A German minister has warned that the European Union must be “extremely careful” about capping gas prices

Anna Luhrmann, Germany’s minister of state for Europe, warned that the EU must be “extremely careful” about imposing a price cap on all gas imports entering the bloc.

The idea of ​​setting a gas cap at the EU level gained momentum In recent weeks after prices broke new records in August and pushed electricity bills to unsustainable heights.

Italy, Belgium, Greece, Sweden and Poland are among those supporting the initiative, which is still in its early stages.

But Germany, the EU’s largest gas consumer and economy, remains opposed, believing the measure could scare off suppliers and threaten the bloc’s security of supplies.

“The problem with price caps is that: if you introduce a price cap, as the EU is one-sided, and all other consumers around the world don’t do it, the gas will go to other consumers, so we may have a short supply of gas,” he said. Luhrmann to Euronews in an interview.

“So, I think we have to be very careful with these kinds of price caps and do everything we can to diversify our supply structure. It will also help address price issues.”

Luhrmann said that instead of imposing a horizontal cap on gas imports, the EU should deal directly with major gas suppliers and negotiate lower prices.

“It will be important for us to discuss with individual gas suppliers, such as Norway, ways to lower the price because they have a great interest in the EU and the European market,” the minister said.

“But in general, there is no substitute for actually finding ways of how we can use energy more efficiently and how we can build a sustainable energy system [based] Mainly on renewable sources.

Norway, which replaced Russia this year as the EU’s main gas supplier, said it was “skeptical” about setting a price cap but was open to finding solutions. The country’s trade surplus receipt It is an all-time high of around €20 billion in August, mostly due to higher gas prices.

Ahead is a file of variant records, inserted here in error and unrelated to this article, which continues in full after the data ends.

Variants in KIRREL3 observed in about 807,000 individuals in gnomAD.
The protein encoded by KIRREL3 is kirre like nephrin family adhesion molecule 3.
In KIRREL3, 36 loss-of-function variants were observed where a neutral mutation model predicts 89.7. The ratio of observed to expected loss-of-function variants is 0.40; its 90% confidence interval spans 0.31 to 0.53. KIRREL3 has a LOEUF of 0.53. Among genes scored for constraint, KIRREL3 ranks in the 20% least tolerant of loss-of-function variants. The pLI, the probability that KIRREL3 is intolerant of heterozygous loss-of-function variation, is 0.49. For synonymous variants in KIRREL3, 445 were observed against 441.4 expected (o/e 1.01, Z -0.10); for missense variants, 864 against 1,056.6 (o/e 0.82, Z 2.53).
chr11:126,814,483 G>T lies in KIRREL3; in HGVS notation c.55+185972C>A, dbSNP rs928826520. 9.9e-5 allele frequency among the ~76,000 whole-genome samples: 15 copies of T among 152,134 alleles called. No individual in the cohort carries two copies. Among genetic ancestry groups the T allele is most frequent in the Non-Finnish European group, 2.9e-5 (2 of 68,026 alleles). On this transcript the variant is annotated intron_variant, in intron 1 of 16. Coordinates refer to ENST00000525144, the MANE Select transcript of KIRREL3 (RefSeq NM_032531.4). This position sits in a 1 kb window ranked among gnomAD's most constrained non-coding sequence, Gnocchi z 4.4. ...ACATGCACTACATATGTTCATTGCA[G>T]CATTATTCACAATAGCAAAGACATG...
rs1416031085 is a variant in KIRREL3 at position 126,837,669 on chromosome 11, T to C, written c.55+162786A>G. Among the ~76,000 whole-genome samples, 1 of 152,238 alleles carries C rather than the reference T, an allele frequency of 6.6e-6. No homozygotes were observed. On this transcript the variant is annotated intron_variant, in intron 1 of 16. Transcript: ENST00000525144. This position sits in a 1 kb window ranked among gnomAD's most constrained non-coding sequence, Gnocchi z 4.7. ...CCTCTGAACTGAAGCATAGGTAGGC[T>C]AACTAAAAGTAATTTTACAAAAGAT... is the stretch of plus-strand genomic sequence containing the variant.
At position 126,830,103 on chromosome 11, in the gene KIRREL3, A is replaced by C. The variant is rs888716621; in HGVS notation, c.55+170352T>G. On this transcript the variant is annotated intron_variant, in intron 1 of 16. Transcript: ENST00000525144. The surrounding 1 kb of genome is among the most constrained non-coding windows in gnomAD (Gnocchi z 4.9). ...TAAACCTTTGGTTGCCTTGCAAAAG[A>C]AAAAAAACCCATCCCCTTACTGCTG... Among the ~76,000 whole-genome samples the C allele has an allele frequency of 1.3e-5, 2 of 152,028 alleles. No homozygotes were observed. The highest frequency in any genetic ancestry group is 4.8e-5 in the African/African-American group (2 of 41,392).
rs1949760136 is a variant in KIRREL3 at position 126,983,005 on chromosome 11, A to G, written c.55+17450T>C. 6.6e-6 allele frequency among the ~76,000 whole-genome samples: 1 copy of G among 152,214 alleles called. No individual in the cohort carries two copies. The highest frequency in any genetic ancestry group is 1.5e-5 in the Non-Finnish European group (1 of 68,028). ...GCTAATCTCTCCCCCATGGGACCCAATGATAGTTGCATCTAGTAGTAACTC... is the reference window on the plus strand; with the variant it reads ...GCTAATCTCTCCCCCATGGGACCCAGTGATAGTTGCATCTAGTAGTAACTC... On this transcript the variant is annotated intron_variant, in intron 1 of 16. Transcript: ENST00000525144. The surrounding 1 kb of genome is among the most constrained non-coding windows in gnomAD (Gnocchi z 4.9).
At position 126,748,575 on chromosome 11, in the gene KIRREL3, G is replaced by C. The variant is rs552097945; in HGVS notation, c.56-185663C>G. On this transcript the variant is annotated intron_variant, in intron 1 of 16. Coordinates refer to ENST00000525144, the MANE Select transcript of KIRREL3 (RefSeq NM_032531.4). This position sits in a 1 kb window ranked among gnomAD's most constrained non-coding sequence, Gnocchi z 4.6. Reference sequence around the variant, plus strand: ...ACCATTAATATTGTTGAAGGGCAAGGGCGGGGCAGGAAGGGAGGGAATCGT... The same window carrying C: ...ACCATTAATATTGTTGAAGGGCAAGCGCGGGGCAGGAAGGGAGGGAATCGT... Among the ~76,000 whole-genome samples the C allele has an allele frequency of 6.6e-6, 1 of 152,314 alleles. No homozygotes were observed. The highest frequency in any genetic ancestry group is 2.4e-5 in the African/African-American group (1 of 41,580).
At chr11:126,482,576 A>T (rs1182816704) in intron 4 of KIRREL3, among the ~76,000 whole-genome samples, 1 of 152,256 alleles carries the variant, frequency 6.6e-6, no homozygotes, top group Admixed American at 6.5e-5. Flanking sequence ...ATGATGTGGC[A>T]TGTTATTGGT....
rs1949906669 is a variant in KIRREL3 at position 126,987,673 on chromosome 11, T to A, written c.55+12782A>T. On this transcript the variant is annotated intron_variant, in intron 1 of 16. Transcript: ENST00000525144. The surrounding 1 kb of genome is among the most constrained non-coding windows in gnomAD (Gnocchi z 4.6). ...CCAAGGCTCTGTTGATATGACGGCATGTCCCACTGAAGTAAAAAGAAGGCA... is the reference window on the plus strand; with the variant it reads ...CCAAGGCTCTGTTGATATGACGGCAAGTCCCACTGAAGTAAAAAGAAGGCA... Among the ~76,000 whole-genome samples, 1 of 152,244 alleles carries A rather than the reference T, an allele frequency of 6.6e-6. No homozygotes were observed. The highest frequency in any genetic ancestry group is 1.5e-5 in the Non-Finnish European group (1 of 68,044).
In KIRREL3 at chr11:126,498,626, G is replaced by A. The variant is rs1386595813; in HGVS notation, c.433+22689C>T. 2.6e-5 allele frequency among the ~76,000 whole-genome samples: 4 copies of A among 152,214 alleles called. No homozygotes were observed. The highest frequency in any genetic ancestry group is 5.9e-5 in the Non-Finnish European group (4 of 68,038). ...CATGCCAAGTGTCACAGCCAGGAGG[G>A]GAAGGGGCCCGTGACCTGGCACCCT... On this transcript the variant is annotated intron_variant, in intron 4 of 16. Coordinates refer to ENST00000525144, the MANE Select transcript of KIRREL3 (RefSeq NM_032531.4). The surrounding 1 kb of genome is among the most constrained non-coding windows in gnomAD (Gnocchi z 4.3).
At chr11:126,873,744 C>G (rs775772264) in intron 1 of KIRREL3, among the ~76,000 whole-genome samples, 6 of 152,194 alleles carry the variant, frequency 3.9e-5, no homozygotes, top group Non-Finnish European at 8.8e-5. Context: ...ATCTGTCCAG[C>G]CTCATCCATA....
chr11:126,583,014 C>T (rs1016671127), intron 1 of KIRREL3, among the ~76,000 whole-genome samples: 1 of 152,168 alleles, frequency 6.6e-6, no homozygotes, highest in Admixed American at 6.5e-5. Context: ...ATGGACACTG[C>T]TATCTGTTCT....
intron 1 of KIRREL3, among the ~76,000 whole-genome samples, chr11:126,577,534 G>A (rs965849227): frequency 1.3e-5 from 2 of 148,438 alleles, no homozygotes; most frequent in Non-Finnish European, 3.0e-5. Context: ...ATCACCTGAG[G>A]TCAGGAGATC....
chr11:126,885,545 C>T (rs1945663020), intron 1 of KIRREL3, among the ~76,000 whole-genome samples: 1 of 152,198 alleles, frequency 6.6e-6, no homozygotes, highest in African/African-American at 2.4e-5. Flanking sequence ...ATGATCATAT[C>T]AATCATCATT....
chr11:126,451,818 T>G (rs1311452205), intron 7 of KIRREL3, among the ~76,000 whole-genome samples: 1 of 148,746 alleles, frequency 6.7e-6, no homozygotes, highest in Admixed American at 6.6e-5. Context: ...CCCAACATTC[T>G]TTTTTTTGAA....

The European Commission is studying the potential risks of this measure, including its impact on the liquefied natural gas (LNG) market, and not submitted yet Formal proposal for ministers to discuss.

For now, the EU’s emergency package will focus on three components: providing electricity during peak hours, a cap on excess revenue generated by non-gaseous power plants (such as wind, solar and nuclear) and a windfall tax on the surplus. Profits of fossil fuel companies.

The overall goal is to curb demand while raising additional funds for governments.

“We can use these surpluses and return them to consumers and citizens, especially those in need, so that we lower prices for them,” Luhrmann said.

The minister, who is from the Greens, said the new EU measures were a “very good” starting point but should be complemented by an additional effort at the national level to promote renewables.

She said, “I am absolutely convinced that if we follow them, we [can] We managed to get through this winter and also create the conditions to make our economies sustainable without Russian energy supplies.”

EU energy ministers are due to meet on September 30 to discuss and give the green light to emergency measures.

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